Assateague "Sitters" ...
All I have received so far for this unusual fall White-faced Ibis
sighting is Bill's email, below, and his web images. If any of the
other dozen birders who saw it plan to submit any additional
documentation, please let me know.
At 07:55 PM 10/14/2009, Bill Hubick wrote:
>At approximately three a.m. on Sunday, October 11th, Jim Stasz and
>Ed Boyd kicked off the eighth "Sitting on Our Assateague" Big Sit.
>Nocturnal migration was slow, but persistence netted several of the
>more expected night migrants. It was cool, clear, and breezy, and
>the skies offered more for the astronomer than the ornithologist. It
>wasn't long before night migrants began to arrive by car, and as
>dawn approached, it was clear that some sort of birder staging event
>was underway. As the first nearly usable light fell on gulls and
>cormorants, the gossiping and lies were suspended intermittently for
>the mission at hand. It was time to count birds.
>The heron flight started slowly, but as always, there was excitement
>in the air. The first of many large V's of cormorants passed. The
>first Myrtles flit by overhead. Suddenly we observe the day's first
>major rarity - a grinning Matt Hafner, a surprise vagrant from
>Florida. Amidst hugs and handshakes are hilarious realizations about
>double-meanings of comments made via cell phone. We realize that
>Matt is the mysteriously un-named RED-NECKED PHALAROPE finder in
>Walter Ellison's recent Kent Co. post. Matt's response to the
>previous day's text saying "Those would have been county birds..."
>becomes much more funny.
>The Big Sit is a blast as always, and the action is steady for the
>duration. The good birds are complemented by the good company and
>conversation. We enjoy a fair flight of warblers that slow concedes
>reasonable diversity. Several first-of-season waterfowl - Brant,
>scoters, and American Wigeon - pass by in small flocks. With so many
>sharp eyes, easily missed species drop one by one.
>The crowd pleaser of this year's Big Sit is a Northern Flicker that
>spends the entire morning ALMOST committing to making the jump to
>the mainland. Over and over it boldly sallies forth in a strong
>undulating flight to the west. Over and over it veers slowly back to
>the left and, yeah.. no... I don't think so. Over and over the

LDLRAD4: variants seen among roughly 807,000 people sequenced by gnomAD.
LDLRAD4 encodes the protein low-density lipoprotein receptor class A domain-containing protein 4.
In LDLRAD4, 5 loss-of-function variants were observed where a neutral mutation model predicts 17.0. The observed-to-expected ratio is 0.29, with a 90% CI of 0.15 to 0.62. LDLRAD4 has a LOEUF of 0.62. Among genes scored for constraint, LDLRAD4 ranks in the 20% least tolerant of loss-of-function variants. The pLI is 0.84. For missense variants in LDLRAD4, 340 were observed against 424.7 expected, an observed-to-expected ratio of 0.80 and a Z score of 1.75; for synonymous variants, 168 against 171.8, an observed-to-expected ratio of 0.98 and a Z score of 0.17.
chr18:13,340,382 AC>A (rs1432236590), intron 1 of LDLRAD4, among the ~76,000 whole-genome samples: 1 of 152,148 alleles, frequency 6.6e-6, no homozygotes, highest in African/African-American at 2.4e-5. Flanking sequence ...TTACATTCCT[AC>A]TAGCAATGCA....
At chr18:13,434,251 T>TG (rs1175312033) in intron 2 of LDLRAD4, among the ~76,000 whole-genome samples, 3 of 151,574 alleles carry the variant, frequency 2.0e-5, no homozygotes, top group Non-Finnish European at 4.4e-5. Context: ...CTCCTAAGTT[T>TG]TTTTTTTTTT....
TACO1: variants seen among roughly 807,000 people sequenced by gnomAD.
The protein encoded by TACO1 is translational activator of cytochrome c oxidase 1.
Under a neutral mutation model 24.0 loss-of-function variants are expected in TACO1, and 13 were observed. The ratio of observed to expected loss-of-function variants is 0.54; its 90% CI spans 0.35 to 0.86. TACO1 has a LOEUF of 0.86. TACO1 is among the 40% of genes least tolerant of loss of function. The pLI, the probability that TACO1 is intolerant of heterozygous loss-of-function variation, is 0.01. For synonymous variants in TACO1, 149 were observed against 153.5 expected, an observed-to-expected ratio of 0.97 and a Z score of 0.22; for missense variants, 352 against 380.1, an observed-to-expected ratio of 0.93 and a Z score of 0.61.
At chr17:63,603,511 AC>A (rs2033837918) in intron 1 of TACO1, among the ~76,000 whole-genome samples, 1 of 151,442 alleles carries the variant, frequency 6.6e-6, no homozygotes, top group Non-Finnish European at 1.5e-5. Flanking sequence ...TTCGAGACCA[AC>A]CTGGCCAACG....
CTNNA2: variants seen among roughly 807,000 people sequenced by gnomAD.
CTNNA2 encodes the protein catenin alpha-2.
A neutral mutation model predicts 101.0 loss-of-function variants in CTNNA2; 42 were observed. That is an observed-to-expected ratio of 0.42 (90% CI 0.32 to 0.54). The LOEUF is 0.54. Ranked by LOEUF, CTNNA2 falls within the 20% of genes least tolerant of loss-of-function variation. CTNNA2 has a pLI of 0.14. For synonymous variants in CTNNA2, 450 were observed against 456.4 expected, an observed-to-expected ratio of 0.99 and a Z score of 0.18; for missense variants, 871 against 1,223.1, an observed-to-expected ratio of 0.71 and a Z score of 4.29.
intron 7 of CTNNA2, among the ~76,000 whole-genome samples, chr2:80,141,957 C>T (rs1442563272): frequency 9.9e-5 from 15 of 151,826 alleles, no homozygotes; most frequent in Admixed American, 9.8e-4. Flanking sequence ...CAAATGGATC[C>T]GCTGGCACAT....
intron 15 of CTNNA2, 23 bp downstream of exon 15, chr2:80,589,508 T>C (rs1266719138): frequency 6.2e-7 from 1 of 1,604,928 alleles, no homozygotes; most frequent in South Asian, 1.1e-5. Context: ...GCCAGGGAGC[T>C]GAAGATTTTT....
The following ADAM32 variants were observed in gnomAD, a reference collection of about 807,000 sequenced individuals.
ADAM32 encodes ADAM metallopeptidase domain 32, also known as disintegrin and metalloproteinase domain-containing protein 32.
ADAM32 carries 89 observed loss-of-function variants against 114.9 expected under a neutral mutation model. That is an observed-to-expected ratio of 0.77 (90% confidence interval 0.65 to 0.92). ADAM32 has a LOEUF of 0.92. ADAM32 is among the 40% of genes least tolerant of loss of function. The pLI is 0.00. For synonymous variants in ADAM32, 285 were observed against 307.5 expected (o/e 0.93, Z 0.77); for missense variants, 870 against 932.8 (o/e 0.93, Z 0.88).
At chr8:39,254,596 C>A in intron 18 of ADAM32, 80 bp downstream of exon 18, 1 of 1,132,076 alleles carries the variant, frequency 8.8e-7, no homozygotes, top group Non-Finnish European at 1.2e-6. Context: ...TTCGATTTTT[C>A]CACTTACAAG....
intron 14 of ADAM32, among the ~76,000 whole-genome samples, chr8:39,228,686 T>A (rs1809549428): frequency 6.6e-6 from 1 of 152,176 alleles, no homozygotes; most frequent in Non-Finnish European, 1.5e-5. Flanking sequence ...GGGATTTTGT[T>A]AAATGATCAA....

>circle cheers and shouts encouragement and over and over we feign
>The unexpected highlight comes out of nowhere when we receive a
>phone call from Hans Holbrook, who has wandered off into the
>campground in the late morning. He'd found a flock of feeding waders
>that included two dark ibis. One of them had obvious red irises and
>looked good for a hatch-year WHITE-FACED IBIS. In a warm-up exercise
>for the Rarity Roundup, nearly the entire outfit breaks ranks and
>heads to campsite A19. Only Stasz, Hafner, and a couple others hold
>down the fort. Soon over a dozen birders had scopes trained on the
>two ibis. The bird in question had obvious, "glowing" red irises,
>light pink facial skin, and an overall paler appearance. Everyone
>still present at the Big Sit was able to see the bird, which is a
>very significant record. This was the first for Assateague Island
>and Maryland's first fall record. In fact, it was the first record
>for Maryland outside of April/May. Marshall Iliff told Hafner that
>this was only the second record for
> the East Coast in October, the other record being a specimen. Well
> done, Hans! Did I mention he picked the bird out with bins?
>The Big Sit tallied a respectable 86 species by about 12:30 p.m.,
>when birders dispersed across the state. It was the third best year
>for the Big Sit on Assateague after 103 in 2003 and 91 in 2004.
>Here's the full list, followed by some "Sitting on Our Assateague"
>stats supplied by Hafner.
Phil Davis, Secretary
MD/DC Records Committee
2549 Vale Court
Davidsonville, Maryland 21035 USA
mailto:[log in to unmask]
MD/DCRC Web site: http://www.MDBirds.org/mddcrc/rcindex.html